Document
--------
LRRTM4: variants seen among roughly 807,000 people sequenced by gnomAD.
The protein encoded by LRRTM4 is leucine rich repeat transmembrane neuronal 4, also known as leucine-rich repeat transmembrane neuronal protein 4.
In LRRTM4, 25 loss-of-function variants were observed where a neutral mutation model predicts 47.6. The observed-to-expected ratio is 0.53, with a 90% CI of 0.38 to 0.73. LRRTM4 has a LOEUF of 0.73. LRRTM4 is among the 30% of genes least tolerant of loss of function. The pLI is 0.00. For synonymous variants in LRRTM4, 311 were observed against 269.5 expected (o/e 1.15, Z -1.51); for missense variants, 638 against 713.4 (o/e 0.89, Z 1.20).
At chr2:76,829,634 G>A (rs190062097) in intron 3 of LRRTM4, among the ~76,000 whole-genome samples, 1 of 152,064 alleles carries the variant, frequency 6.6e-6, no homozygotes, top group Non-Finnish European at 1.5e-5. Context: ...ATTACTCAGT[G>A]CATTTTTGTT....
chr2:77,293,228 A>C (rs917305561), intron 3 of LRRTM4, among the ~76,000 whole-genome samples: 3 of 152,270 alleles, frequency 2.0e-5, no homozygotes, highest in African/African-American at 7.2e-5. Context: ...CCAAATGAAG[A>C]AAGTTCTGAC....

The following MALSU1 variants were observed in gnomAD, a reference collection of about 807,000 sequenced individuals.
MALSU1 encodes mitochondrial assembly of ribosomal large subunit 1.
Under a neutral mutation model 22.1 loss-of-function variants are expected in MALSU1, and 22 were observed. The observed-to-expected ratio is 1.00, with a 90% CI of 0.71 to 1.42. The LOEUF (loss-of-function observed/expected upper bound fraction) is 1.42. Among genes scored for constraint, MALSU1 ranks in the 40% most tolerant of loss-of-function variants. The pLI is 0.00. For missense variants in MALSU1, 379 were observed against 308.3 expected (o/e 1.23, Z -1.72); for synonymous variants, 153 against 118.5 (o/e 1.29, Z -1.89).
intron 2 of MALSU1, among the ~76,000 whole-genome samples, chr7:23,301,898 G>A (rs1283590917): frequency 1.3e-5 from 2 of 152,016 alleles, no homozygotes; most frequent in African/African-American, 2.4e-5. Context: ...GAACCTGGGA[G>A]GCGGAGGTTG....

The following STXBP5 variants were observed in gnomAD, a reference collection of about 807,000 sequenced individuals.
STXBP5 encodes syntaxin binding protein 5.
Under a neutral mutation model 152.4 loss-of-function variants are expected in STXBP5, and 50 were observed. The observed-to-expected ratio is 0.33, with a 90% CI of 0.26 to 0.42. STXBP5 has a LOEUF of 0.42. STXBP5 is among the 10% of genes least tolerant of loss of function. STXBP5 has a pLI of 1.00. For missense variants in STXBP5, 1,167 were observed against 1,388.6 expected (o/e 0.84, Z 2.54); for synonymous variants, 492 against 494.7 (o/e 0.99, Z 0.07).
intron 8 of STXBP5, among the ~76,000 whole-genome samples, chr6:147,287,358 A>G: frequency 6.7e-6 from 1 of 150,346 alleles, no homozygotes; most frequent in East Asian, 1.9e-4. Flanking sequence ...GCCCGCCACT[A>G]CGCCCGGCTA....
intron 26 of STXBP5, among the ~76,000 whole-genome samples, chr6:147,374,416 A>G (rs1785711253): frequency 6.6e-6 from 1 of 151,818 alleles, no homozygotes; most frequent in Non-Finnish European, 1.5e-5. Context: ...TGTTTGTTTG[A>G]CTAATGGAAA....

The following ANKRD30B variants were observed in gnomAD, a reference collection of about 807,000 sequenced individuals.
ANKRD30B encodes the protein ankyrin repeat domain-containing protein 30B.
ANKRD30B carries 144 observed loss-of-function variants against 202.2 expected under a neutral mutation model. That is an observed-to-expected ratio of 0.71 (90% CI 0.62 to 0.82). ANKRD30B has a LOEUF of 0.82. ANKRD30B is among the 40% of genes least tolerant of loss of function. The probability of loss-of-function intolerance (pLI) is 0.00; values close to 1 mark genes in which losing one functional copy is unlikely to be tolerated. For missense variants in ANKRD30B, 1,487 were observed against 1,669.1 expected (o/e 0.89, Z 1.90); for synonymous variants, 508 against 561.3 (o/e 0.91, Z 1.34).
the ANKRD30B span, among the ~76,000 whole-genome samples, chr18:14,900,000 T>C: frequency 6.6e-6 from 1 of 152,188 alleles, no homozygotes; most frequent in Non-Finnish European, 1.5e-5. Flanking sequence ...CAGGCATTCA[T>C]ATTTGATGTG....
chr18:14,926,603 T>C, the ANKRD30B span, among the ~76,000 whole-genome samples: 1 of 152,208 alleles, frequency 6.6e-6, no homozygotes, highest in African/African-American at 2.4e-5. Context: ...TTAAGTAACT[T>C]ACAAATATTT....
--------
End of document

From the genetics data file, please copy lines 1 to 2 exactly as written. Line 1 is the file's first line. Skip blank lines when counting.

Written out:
LRRTM4: variants seen among roughly 807,000 people sequenced by gnomAD.
The protein encoded by LRRTM4 is leucine rich repeat transmembrane neuronal 4, also known as leucine-rich repeat transmembrane neuronal protein 4.